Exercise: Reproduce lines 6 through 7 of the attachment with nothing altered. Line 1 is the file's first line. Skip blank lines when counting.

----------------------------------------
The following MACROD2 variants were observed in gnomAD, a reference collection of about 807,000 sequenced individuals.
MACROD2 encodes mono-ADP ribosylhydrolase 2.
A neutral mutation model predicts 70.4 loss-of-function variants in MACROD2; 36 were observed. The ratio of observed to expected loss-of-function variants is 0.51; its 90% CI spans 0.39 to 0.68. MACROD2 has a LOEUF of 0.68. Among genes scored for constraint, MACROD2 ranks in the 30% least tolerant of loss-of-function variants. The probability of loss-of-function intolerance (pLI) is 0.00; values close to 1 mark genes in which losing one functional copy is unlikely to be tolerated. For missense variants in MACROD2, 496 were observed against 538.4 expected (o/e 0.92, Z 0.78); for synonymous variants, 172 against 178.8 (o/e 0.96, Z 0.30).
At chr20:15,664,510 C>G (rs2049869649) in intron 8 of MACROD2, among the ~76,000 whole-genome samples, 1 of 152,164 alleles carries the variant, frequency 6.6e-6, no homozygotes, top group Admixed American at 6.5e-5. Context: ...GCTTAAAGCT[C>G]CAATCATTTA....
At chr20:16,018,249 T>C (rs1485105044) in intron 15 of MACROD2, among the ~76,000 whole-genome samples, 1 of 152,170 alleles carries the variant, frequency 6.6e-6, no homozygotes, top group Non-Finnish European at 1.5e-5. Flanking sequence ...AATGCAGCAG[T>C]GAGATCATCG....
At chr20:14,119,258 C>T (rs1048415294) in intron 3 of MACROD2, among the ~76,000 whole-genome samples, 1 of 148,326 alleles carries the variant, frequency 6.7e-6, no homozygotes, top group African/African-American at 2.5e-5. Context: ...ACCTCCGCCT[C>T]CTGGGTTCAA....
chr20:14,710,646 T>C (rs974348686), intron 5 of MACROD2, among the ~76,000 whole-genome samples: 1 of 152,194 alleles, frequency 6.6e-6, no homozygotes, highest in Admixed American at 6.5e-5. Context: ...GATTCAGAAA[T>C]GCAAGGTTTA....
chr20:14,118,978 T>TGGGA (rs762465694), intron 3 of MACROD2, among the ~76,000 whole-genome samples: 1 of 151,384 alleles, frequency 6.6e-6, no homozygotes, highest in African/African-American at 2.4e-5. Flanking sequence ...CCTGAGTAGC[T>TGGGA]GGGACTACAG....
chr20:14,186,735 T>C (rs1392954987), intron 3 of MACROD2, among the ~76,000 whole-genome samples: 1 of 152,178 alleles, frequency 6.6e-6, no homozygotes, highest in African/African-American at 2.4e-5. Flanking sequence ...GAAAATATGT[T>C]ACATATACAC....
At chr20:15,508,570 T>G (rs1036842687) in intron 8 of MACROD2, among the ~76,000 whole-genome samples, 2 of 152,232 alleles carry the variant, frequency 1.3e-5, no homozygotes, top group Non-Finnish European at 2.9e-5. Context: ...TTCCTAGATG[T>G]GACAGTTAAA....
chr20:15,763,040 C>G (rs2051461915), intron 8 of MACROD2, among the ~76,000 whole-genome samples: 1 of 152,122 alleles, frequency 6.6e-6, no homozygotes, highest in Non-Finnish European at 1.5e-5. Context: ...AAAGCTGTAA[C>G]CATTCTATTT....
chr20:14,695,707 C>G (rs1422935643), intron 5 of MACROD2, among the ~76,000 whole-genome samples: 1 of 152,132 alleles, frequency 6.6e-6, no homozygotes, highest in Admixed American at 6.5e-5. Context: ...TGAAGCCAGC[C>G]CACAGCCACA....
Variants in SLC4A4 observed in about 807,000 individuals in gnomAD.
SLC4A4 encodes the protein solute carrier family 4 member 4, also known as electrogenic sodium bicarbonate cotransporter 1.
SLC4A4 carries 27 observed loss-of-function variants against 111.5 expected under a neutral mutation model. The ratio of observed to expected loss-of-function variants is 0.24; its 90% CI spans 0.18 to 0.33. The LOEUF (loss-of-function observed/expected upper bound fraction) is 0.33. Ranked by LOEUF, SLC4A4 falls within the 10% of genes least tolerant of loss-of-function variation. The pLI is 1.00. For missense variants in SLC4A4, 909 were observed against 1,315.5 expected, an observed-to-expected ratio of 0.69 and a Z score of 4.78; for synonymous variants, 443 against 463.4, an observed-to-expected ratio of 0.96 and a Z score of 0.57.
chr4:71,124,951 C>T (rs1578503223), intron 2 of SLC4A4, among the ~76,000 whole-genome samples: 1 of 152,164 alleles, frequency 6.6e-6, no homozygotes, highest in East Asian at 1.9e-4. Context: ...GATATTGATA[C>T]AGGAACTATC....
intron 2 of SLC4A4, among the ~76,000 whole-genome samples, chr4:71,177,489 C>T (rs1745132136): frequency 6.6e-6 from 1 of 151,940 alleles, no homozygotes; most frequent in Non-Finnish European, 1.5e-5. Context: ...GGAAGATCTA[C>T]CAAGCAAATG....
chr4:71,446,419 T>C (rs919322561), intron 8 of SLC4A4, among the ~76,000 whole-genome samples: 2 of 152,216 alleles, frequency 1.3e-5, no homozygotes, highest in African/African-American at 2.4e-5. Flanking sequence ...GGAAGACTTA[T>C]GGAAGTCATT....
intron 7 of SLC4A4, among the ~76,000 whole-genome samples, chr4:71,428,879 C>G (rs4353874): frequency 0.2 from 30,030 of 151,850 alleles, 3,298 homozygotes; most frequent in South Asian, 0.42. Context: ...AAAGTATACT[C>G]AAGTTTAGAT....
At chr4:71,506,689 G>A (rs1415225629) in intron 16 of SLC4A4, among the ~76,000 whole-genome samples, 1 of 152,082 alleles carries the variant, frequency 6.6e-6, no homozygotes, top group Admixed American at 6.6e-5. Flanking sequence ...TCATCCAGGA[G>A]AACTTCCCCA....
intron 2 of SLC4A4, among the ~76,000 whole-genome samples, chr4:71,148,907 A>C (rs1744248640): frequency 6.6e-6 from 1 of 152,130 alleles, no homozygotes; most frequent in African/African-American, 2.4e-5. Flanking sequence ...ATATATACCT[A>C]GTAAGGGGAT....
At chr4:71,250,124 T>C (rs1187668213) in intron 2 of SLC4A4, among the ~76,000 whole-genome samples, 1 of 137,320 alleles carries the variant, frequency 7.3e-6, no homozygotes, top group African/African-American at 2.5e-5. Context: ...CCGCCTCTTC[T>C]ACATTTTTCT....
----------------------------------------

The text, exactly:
At chr20:14,119,258 C>T (rs1048415294) in intron 3 of MACROD2, among the ~76,000 whole-genome samples, 1 of 148,326 alleles carries the variant, frequency 6.7e-6, no homozygotes, top group African/African-American at 2.5e-5. Context: ...ACCTCCGCCT[C>T]CTGGGTTCAA....
chr20:14,710,646 T>C (rs974348686), intron 5 of MACROD2, among the ~76,000 whole-genome samples: 1 of 152,194 alleles, frequency 6.6e-6, no homozygotes, highest in Admixed American at 6.5e-5. Context: ...GATTCAGAAA[T>C]GCAAGGTTTA....